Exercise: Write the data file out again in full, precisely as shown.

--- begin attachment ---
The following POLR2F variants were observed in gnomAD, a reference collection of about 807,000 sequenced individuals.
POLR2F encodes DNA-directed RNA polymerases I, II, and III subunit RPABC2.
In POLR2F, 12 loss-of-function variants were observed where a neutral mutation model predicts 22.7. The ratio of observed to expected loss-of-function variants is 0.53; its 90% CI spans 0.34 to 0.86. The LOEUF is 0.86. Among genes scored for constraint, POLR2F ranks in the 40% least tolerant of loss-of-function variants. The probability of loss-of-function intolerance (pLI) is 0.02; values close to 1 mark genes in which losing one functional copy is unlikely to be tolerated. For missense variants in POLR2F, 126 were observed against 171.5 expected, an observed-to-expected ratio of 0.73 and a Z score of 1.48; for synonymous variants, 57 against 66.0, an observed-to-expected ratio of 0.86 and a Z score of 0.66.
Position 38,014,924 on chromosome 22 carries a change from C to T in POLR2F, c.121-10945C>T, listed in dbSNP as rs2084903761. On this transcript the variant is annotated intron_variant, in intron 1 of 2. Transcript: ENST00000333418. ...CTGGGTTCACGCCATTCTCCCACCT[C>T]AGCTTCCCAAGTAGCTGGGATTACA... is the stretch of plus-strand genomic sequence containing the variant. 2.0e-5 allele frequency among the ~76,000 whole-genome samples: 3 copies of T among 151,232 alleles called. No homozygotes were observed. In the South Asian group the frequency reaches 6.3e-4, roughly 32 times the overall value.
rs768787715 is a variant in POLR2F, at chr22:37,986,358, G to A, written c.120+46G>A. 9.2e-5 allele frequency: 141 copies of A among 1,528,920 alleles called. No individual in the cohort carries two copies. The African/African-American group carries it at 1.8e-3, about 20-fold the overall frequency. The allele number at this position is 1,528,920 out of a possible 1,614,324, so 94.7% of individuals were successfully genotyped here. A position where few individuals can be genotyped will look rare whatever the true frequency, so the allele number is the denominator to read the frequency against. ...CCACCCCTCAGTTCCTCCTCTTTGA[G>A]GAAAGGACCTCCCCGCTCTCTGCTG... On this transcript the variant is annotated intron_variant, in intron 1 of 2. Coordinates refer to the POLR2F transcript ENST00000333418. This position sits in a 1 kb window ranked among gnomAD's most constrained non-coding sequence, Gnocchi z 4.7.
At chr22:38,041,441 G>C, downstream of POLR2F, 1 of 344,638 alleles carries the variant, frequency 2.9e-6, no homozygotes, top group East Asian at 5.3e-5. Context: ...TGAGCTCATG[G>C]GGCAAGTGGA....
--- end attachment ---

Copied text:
The following POLR2F variants were observed in gnomAD, a reference collection of about 807,000 sequenced individuals.
POLR2F encodes DNA-directed RNA polymerases I, II, and III subunit RPABC2.
In POLR2F, 12 loss-of-function variants were observed where a neutral mutation model predicts 22.7. The ratio of observed to expected loss-of-function variants is 0.53; its 90% CI spans 0.34 to 0.86. The LOEUF is 0.86. Among genes scored for constraint, POLR2F ranks in the 40% least tolerant of loss-of-function variants. The probability of loss-of-function intolerance (pLI) is 0.02; values close to 1 mark genes in which losing one functional copy is unlikely to be tolerated. For missense variants in POLR2F, 126 were observed against 171.5 expected, an observed-to-expected ratio of 0.73 and a Z score of 1.48; for synonymous variants, 57 against 66.0, an observed-to-expected ratio of 0.86 and a Z score of 0.66.
Position 38,014,924 on chromosome 22 carries a change from C to T in POLR2F, c.121-10945C>T, listed in dbSNP as rs2084903761. On this transcript the variant is annotated intron_variant, in intron 1 of 2. Transcript: ENST00000333418. ...CTGGGTTCACGCCATTCTCCCACCT[C>T]AGCTTCCCAAGTAGCTGGGATTACA... is the stretch of plus-strand genomic sequence containing the variant. 2.0e-5 allele frequency among the ~76,000 whole-genome samples: 3 copies of T among 151,232 alleles called. No homozygotes were observed. In the South Asian group the frequency reaches 6.3e-4, roughly 32 times the overall value.
rs768787715 is a variant in POLR2F, at chr22:37,986,358, G to A, written c.120+46G>A. 9.2e-5 allele frequency: 141 copies of A among 1,528,920 alleles called. No individual in the cohort carries two copies. The African/African-American group carries it at 1.8e-3, about 20-fold the overall frequency. The allele number at this position is 1,528,920 out of a possible 1,614,324, so 94.7% of individuals were successfully genotyped here. A position where few individuals can be genotyped will look rare whatever the true frequency, so the allele number is the denominator to read the frequency against. ...CCACCCCTCAGTTCCTCCTCTTTGA[G>A]GAAAGGACCTCCCCGCTCTCTGCTG... On this transcript the variant is annotated intron_variant, in intron 1 of 2. Coordinates refer to the POLR2F transcript ENST00000333418. This position sits in a 1 kb window ranked among gnomAD's most constrained non-coding sequence, Gnocchi z 4.7.
At chr22:38,041,441 G>C, downstream of POLR2F, 1 of 344,638 alleles carries the variant, frequency 2.9e-6, no homozygotes, top group East Asian at 5.3e-5. Context: ...TGAGCTCATG[G>C]GGCAAGTGGA....